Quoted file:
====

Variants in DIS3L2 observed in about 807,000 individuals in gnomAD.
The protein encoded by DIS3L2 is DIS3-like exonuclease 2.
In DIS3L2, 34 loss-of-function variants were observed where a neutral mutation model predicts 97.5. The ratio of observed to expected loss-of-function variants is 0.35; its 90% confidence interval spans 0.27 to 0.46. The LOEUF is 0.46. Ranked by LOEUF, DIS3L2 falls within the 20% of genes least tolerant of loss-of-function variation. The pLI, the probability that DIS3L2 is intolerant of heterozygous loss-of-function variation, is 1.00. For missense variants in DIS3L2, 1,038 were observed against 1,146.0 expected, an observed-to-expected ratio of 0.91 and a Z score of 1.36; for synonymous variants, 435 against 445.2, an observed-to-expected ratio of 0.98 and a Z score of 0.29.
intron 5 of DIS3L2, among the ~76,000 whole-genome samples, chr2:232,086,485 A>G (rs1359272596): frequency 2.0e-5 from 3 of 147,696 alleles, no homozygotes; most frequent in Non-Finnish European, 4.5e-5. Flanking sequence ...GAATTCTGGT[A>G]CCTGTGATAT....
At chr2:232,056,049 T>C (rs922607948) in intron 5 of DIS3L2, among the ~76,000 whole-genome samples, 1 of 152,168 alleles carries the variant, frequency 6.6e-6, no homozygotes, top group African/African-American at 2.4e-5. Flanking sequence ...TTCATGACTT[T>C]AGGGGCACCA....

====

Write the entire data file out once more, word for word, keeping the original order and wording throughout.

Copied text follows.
Variants in DIS3L2 observed in about 807,000 individuals in gnomAD.
The protein encoded by DIS3L2 is DIS3-like exonuclease 2.
In DIS3L2, 34 loss-of-function variants were observed where a neutral mutation model predicts 97.5. The ratio of observed to expected loss-of-function variants is 0.35; its 90% confidence interval spans 0.27 to 0.46. The LOEUF is 0.46. Ranked by LOEUF, DIS3L2 falls within the 20% of genes least tolerant of loss-of-function variation. The pLI, the probability that DIS3L2 is intolerant of heterozygous loss-of-function variation, is 1.00. For missense variants in DIS3L2, 1,038 were observed against 1,146.0 expected, an observed-to-expected ratio of 0.91 and a Z score of 1.36; for synonymous variants, 435 against 445.2, an observed-to-expected ratio of 0.98 and a Z score of 0.29.
intron 5 of DIS3L2, among the ~76,000 whole-genome samples, chr2:232,086,485 A>G (rs1359272596): frequency 2.0e-5 from 3 of 147,696 alleles, no homozygotes; most frequent in Non-Finnish European, 4.5e-5. Flanking sequence ...GAATTCTGGT[A>G]CCTGTGATAT....
At chr2:232,056,049 T>C (rs922607948) in intron 5 of DIS3L2, among the ~76,000 whole-genome samples, 1 of 152,168 alleles carries the variant, frequency 6.6e-6, no homozygotes, top group African/African-American at 2.4e-5. Flanking sequence ...TTCATGACTT[T>C]AGGGGCACCA....